Cheap as chips – or false economy?
We’re all on the hunt for a bargain.
Whether that be an own brand label Chicken Kiev at the supermarket or where to invest our hard earned pension fund, no-one wants to part with more cash than they have to.
When it comes to investment management there are basically three key options open to you – each with differing fees attached.
Firstly, there’s passive investment. This is where the investor effectively says to the fund management firm: ‘I’m just putting my money in the Stock Market so get on with it.’ Cheap as chips.
Investments left to the tidal ebb and flow of the FTSE 100.
Then we have active management, introducing the human element to hopefully produce better returns then passive fund portfolios.
‘Right, we’ll go ten per cent in the US and 90% in the UK and look again in a month’s time when we might have to increase our US investment.
‘Too much money over there, then in a month’s time we can move it over here.’
The third option is discretionary fund management which means that it’s like active fund management, but you have your own individual fund manager at the coal face who takes care of your money.
‘I was reading an article about investment in the Far East and do you think you can put more money in there? Of course I can put more money in there, however what we are worried about in the Far East is this, this and this.’
Obviously you need a little more money to secure this level of service.
The point is, do you want somebody keeping an eye on things for you and taking care of it, because if you do then you need active or discretionary management.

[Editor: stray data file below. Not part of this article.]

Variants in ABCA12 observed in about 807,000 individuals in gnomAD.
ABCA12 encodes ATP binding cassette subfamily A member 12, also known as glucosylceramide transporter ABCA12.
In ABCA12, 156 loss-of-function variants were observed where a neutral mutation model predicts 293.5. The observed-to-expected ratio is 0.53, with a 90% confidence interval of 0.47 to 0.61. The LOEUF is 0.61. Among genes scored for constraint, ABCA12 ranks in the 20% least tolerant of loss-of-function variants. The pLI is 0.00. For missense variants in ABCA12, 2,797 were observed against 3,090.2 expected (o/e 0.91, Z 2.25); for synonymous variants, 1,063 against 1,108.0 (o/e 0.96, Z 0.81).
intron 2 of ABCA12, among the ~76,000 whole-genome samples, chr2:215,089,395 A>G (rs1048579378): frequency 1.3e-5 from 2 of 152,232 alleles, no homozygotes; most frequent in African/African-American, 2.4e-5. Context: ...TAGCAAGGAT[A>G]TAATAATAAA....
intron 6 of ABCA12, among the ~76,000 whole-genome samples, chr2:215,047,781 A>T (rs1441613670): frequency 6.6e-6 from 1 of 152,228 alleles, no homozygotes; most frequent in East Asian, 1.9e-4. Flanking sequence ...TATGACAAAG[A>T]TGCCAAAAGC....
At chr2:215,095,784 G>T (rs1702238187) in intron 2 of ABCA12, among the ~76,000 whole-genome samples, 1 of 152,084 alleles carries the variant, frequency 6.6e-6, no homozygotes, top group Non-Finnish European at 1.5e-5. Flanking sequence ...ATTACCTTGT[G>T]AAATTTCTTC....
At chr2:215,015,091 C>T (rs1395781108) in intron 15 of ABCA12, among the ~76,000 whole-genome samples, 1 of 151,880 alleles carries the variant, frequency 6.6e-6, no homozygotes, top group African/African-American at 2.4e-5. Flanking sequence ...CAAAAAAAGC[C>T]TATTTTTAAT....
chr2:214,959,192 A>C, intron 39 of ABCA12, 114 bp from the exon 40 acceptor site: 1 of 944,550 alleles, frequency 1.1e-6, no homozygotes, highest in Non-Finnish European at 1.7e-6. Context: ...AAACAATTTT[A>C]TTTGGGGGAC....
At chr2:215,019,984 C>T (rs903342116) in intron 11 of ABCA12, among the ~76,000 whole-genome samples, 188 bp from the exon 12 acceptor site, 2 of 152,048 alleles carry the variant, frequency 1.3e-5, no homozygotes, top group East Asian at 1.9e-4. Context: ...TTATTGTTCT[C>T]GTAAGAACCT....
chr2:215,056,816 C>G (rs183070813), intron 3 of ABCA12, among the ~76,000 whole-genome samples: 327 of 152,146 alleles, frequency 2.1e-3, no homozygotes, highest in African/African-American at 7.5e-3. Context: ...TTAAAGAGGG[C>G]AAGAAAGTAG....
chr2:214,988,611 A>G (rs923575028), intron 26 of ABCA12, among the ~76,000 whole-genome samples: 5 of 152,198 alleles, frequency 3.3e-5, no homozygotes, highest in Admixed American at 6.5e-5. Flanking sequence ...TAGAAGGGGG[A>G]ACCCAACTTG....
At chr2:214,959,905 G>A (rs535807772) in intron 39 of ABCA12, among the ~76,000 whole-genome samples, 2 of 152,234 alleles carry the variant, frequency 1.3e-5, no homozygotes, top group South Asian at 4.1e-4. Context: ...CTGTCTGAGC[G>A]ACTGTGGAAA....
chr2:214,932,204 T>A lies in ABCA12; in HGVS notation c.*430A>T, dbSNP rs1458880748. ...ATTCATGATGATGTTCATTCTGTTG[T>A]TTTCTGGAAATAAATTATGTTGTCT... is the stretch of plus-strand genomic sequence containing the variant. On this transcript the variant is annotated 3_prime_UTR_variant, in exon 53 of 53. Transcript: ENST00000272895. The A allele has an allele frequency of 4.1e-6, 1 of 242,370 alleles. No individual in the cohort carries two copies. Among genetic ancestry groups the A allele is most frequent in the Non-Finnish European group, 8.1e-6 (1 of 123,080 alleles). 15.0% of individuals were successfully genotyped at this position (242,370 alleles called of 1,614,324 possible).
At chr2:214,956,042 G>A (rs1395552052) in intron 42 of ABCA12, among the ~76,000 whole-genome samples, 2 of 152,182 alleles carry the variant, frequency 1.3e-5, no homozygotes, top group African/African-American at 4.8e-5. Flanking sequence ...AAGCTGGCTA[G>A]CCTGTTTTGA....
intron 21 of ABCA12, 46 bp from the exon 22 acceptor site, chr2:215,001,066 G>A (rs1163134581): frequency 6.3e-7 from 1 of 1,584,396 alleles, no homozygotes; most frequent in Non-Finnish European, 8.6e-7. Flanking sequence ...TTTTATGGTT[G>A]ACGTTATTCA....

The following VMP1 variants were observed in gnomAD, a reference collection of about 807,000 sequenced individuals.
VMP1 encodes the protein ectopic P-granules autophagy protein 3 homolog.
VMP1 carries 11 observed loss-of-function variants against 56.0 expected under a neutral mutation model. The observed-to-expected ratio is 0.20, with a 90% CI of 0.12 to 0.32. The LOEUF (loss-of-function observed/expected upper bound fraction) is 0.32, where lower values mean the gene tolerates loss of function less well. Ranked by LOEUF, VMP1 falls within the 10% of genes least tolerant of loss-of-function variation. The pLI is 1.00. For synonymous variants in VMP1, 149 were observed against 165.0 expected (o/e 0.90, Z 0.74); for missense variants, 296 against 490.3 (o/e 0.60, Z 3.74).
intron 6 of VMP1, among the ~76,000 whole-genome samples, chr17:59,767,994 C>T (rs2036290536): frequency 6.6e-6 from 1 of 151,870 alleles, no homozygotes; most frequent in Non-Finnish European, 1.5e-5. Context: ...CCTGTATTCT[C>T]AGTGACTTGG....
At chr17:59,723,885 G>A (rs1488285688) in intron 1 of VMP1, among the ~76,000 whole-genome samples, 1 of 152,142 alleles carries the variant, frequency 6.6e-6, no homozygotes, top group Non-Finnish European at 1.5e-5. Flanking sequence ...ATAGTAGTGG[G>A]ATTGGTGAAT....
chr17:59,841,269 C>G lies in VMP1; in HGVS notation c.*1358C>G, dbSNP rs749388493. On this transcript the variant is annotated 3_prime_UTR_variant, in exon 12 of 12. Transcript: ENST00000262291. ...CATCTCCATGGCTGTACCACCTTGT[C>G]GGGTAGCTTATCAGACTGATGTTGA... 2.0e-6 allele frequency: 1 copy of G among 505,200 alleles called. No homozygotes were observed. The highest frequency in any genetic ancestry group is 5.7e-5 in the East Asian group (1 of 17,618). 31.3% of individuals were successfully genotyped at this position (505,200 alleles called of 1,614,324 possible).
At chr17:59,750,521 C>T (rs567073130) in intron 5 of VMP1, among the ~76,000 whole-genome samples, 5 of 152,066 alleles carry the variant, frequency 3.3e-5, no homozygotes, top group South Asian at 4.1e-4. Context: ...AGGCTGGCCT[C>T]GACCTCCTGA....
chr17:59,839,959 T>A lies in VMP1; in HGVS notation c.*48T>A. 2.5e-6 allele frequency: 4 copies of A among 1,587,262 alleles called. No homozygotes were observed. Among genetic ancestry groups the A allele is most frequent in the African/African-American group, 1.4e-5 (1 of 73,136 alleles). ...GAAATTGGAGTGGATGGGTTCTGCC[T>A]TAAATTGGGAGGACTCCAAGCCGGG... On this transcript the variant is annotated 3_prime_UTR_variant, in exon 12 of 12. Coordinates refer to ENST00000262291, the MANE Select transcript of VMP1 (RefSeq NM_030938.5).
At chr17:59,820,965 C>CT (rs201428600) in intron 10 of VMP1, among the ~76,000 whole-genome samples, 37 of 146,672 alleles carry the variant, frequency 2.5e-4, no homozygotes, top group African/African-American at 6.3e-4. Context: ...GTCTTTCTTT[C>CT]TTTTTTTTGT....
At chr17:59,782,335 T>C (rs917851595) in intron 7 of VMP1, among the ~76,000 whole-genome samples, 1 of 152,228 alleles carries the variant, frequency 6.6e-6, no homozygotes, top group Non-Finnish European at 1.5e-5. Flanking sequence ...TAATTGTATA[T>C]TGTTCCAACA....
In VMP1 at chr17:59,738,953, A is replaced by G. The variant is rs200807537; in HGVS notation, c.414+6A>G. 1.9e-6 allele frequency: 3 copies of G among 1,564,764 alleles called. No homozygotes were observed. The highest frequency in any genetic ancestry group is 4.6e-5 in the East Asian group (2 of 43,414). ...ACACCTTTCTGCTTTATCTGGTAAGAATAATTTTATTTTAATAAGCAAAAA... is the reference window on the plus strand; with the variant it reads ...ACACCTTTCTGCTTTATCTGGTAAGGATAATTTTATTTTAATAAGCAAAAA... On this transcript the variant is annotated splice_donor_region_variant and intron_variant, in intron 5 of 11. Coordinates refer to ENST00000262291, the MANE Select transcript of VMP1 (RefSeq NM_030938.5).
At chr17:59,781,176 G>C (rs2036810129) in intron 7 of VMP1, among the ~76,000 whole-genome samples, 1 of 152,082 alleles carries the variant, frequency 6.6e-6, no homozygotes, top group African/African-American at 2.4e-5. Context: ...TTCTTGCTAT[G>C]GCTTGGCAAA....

The annual management charge for a passive fund is 0.15%. A managed fund is 0.75% and a discretionary fund manager might be 1.5%.
There is certainly a place for passive funds if the client is 100% price driven but people are falling into the trap of thinking that it’s cheap and so it’s the best option for their pension fund.
People will often just look at the bottom line.
But what happens when the proverbial hits the fan and you’ve put all your money in passive fund management, what is going to happen?
With a passive investment, you don’t get any stewardship.
History shows us that while over the past five years no-one has done badly, we would do well to remember 2008 and the impact of the financial crash.
Be aware if you are buying cheap – and ask what are you not getting?
In our opinion at Carrick Financial Management, it would be prudent to talk to a financial adviser, to take their professional opinion about the different options and what would best match your investment portfolio.
I likened this to a client recently as ‘how do you know your car has an air bag? The dealer and handbook says so. But the only way you’ll truly know is when you have an accident.’
Some people are comfortable with that.
Their fund driving along without an air bag.
It’s not wrong, but are they really aware of what they’ve got?